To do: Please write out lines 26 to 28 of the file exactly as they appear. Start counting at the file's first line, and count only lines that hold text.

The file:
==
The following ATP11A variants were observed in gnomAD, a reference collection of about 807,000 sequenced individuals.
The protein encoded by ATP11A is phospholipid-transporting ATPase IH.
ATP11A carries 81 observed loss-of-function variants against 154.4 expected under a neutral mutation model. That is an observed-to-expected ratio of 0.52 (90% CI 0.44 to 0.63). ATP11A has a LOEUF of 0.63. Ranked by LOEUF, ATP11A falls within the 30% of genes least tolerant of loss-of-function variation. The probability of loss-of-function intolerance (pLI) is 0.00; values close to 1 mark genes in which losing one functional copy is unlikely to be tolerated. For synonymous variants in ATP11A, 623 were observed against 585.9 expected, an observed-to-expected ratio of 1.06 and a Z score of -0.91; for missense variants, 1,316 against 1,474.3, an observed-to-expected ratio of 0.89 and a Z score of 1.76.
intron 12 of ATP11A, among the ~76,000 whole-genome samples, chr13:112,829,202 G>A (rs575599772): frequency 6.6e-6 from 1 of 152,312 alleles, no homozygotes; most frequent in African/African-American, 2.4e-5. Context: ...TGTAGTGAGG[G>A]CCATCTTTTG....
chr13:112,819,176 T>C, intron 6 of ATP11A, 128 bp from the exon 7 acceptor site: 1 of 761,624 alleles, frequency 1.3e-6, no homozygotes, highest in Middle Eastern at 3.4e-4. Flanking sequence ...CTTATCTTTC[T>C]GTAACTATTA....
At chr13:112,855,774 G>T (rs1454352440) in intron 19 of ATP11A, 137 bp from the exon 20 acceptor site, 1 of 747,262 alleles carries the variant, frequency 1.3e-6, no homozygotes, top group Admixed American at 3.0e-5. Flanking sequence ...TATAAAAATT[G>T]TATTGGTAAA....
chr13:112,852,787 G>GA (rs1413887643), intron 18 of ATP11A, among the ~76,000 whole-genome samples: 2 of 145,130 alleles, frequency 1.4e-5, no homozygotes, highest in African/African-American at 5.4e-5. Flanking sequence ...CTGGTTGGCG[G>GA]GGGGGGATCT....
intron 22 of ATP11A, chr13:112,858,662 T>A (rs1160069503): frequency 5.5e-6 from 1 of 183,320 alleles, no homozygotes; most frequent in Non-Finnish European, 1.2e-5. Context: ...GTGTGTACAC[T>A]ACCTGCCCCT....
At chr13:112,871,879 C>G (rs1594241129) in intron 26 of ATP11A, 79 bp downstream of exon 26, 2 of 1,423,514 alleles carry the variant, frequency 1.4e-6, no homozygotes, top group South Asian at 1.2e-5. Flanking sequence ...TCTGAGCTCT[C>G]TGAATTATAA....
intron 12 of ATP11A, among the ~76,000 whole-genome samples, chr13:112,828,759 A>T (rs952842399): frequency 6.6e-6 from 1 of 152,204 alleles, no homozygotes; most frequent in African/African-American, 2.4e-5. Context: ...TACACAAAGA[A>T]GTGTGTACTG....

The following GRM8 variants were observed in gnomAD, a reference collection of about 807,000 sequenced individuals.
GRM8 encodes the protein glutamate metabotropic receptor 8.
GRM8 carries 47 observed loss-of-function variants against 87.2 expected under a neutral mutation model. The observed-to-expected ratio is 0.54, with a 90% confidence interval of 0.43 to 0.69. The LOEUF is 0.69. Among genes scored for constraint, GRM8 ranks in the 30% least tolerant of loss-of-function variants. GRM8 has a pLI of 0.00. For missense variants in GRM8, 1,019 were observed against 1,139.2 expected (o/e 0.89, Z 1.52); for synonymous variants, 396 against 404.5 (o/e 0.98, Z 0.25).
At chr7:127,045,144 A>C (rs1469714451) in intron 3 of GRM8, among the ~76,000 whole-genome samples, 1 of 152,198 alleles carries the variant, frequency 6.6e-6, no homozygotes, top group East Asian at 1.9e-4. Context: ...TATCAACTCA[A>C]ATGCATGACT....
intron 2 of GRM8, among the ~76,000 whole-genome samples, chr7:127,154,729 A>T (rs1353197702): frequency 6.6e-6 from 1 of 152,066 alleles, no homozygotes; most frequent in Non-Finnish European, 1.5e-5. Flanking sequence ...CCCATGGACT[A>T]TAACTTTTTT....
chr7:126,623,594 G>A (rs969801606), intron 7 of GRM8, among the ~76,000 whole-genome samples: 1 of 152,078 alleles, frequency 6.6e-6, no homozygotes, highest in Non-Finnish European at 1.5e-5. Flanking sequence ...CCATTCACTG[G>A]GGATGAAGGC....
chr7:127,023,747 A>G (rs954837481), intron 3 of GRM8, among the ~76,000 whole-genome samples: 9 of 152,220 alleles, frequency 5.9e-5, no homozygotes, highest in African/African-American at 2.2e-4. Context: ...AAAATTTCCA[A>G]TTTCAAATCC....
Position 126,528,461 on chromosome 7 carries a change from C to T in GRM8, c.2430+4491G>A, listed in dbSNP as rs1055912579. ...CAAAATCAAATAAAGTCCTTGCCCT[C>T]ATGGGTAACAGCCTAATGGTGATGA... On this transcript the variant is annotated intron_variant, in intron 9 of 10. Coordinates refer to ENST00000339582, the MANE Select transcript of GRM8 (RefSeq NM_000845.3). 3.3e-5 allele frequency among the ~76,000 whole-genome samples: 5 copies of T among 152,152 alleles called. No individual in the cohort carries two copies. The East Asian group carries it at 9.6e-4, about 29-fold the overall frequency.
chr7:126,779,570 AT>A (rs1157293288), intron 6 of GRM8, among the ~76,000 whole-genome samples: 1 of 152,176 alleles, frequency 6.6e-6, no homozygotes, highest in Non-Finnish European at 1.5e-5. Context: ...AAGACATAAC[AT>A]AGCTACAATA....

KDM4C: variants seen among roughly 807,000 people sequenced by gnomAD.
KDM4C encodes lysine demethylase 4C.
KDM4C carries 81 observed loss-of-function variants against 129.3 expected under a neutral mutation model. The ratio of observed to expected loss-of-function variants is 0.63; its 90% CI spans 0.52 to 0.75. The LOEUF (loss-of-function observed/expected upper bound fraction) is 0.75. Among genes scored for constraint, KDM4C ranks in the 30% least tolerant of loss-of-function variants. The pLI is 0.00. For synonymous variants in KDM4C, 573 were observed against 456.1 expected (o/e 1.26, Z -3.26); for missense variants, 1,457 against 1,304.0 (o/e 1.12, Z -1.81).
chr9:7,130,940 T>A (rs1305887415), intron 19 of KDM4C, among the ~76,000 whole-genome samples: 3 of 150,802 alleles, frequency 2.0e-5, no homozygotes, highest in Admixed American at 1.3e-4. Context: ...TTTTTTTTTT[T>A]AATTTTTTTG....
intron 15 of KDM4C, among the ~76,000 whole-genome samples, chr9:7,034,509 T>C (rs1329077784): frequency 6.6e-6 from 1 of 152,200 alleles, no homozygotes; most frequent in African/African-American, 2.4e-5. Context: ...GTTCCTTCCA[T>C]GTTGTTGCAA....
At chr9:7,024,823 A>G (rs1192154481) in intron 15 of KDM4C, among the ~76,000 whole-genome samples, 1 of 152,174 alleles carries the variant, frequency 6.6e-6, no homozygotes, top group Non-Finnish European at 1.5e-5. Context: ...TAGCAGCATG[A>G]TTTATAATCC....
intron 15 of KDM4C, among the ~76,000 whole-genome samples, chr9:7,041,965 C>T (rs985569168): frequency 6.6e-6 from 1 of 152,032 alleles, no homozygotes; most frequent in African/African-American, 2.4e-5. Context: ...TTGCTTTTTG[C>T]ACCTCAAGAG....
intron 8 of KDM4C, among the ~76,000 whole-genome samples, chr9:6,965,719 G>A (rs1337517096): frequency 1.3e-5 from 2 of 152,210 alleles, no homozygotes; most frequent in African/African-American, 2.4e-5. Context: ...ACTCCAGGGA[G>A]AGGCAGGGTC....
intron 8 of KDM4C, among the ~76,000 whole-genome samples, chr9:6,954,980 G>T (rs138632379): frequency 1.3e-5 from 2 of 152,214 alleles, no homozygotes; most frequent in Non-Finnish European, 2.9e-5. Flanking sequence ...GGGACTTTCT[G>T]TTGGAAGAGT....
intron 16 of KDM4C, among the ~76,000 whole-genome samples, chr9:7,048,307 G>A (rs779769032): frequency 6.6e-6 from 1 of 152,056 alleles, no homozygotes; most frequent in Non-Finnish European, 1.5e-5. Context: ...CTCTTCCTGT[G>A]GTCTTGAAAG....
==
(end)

intron 15 of KDM4C, among the ~76,000 whole-genome samples, chr9:7,041,965 C>T (rs985569168): frequency 6.6e-6 from 1 of 152,032 alleles, no homozygotes; most frequent in African/African-American, 2.4e-5. Context: ...TTGCTTTTTG[C>T]ACCTCAAGAG....
intron 8 of KDM4C, among the ~76,000 whole-genome samples, chr9:6,965,719 G>A (rs1337517096): frequency 1.3e-5 from 2 of 152,210 alleles, no homozygotes; most frequent in African/African-American, 2.4e-5. Context: ...ACTCCAGGGA[G>A]AGGCAGGGTC....
intron 8 of KDM4C, among the ~76,000 whole-genome samples, chr9:6,954,980 G>T (rs138632379): frequency 1.3e-5 from 2 of 152,214 alleles, no homozygotes; most frequent in Non-Finnish European, 2.9e-5. Flanking sequence ...GGGACTTTCT[G>T]TTGGAAGAGT....